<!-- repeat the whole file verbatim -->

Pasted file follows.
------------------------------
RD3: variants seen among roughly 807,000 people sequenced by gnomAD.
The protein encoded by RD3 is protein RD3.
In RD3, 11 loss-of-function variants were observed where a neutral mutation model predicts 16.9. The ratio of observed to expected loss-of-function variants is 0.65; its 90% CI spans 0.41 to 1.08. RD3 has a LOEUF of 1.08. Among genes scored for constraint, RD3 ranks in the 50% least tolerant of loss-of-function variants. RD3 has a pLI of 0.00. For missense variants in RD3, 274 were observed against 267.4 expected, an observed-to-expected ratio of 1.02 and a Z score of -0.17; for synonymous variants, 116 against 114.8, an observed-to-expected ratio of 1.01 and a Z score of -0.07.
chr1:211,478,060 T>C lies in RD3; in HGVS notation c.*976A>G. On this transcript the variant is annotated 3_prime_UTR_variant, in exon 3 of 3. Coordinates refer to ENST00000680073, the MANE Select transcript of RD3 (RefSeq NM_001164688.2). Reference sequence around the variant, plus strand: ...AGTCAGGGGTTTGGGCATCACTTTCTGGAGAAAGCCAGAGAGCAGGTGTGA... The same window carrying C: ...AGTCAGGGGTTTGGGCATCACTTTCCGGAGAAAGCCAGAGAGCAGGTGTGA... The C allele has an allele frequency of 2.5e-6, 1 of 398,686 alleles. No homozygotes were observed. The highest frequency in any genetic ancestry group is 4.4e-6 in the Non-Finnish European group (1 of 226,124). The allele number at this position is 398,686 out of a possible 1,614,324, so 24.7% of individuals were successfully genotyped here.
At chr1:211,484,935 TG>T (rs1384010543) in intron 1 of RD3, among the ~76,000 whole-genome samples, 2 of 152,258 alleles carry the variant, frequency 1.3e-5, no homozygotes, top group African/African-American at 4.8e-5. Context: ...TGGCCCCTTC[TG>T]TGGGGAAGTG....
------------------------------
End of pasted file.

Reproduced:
RD3: variants seen among roughly 807,000 people sequenced by gnomAD.
The protein encoded by RD3 is protein RD3.
In RD3, 11 loss-of-function variants were observed where a neutral mutation model predicts 16.9. The ratio of observed to expected loss-of-function variants is 0.65; its 90% CI spans 0.41 to 1.08. RD3 has a LOEUF of 1.08. Among genes scored for constraint, RD3 ranks in the 50% least tolerant of loss-of-function variants. RD3 has a pLI of 0.00. For missense variants in RD3, 274 were observed against 267.4 expected, an observed-to-expected ratio of 1.02 and a Z score of -0.17; for synonymous variants, 116 against 114.8, an observed-to-expected ratio of 1.01 and a Z score of -0.07.
chr1:211,478,060 T>C lies in RD3; in HGVS notation c.*976A>G. On this transcript the variant is annotated 3_prime_UTR_variant, in exon 3 of 3. Coordinates refer to ENST00000680073, the MANE Select transcript of RD3 (RefSeq NM_001164688.2). Reference sequence around the variant, plus strand: ...AGTCAGGGGTTTGGGCATCACTTTCTGGAGAAAGCCAGAGAGCAGGTGTGA... The same window carrying C: ...AGTCAGGGGTTTGGGCATCACTTTCCGGAGAAAGCCAGAGAGCAGGTGTGA... The C allele has an allele frequency of 2.5e-6, 1 of 398,686 alleles. No homozygotes were observed. The highest frequency in any genetic ancestry group is 4.4e-6 in the Non-Finnish European group (1 of 226,124). The allele number at this position is 398,686 out of a possible 1,614,324, so 24.7% of individuals were successfully genotyped here.
At chr1:211,484,935 TG>T (rs1384010543) in intron 1 of RD3, among the ~76,000 whole-genome samples, 2 of 152,258 alleles carry the variant, frequency 1.3e-5, no homozygotes, top group African/African-American at 4.8e-5. Context: ...TGGCCCCTTC[TG>T]TGGGGAAGTG....